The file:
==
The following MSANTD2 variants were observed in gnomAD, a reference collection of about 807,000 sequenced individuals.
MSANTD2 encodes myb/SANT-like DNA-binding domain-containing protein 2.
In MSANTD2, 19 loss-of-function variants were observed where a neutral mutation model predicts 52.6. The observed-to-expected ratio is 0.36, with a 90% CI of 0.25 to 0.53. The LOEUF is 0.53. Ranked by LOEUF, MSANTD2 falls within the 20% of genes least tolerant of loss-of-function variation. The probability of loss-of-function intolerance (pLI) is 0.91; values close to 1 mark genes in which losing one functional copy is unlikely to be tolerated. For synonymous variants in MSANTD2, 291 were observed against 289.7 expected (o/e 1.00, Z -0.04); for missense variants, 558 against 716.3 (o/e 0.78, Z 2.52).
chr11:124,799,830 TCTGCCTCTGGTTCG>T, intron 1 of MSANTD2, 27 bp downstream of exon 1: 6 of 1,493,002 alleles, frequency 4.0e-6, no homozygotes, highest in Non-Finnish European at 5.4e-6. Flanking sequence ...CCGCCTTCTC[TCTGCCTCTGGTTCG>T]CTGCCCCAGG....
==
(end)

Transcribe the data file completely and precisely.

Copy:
The following MSANTD2 variants were observed in gnomAD, a reference collection of about 807,000 sequenced individuals.
MSANTD2 encodes myb/SANT-like DNA-binding domain-containing protein 2.
In MSANTD2, 19 loss-of-function variants were observed where a neutral mutation model predicts 52.6. The observed-to-expected ratio is 0.36, with a 90% CI of 0.25 to 0.53. The LOEUF is 0.53. Ranked by LOEUF, MSANTD2 falls within the 20% of genes least tolerant of loss-of-function variation. The probability of loss-of-function intolerance (pLI) is 0.91; values close to 1 mark genes in which losing one functional copy is unlikely to be tolerated. For synonymous variants in MSANTD2, 291 were observed against 289.7 expected (o/e 1.00, Z -0.04); for missense variants, 558 against 716.3 (o/e 0.78, Z 2.52).
chr11:124,799,830 TCTGCCTCTGGTTCG>T, intron 1 of MSANTD2, 27 bp downstream of exon 1: 6 of 1,493,002 alleles, frequency 4.0e-6, no homozygotes, highest in Non-Finnish European at 5.4e-6. Flanking sequence ...CCGCCTTCTC[TCTGCCTCTGGTTCG>T]CTGCCCCAGG....